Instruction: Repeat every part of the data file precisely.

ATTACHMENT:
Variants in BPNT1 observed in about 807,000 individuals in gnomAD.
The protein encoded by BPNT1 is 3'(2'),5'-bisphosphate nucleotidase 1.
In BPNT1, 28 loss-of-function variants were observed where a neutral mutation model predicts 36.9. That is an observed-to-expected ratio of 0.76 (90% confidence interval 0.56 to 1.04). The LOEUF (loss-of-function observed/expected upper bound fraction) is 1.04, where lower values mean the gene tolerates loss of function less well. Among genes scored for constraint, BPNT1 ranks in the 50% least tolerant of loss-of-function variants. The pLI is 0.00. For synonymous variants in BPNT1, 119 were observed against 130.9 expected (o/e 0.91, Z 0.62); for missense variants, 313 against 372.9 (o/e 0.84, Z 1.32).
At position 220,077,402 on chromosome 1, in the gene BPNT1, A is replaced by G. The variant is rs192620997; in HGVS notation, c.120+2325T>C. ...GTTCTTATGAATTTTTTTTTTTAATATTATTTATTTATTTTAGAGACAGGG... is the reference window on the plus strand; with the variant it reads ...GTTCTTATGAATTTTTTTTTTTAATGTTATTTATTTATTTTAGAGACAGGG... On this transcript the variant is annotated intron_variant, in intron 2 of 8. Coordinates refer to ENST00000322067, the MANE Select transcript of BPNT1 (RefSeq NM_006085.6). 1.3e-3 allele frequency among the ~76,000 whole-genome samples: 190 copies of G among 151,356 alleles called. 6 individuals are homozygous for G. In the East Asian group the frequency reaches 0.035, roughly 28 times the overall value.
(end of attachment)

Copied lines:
Variants in BPNT1 observed in about 807,000 individuals in gnomAD.
The protein encoded by BPNT1 is 3'(2'),5'-bisphosphate nucleotidase 1.
In BPNT1, 28 loss-of-function variants were observed where a neutral mutation model predicts 36.9. That is an observed-to-expected ratio of 0.76 (90% confidence interval 0.56 to 1.04). The LOEUF (loss-of-function observed/expected upper bound fraction) is 1.04, where lower values mean the gene tolerates loss of function less well. Among genes scored for constraint, BPNT1 ranks in the 50% least tolerant of loss-of-function variants. The pLI is 0.00. For synonymous variants in BPNT1, 119 were observed against 130.9 expected (o/e 0.91, Z 0.62); for missense variants, 313 against 372.9 (o/e 0.84, Z 1.32).
At position 220,077,402 on chromosome 1, in the gene BPNT1, A is replaced by G. The variant is rs192620997; in HGVS notation, c.120+2325T>C. ...GTTCTTATGAATTTTTTTTTTTAATATTATTTATTTATTTTAGAGACAGGG... is the reference window on the plus strand; with the variant it reads ...GTTCTTATGAATTTTTTTTTTTAATGTTATTTATTTATTTTAGAGACAGGG... On this transcript the variant is annotated intron_variant, in intron 2 of 8. Coordinates refer to ENST00000322067, the MANE Select transcript of BPNT1 (RefSeq NM_006085.6). 1.3e-3 allele frequency among the ~76,000 whole-genome samples: 190 copies of G among 151,356 alleles called. 6 individuals are homozygous for G. In the East Asian group the frequency reaches 0.035, roughly 28 times the overall value.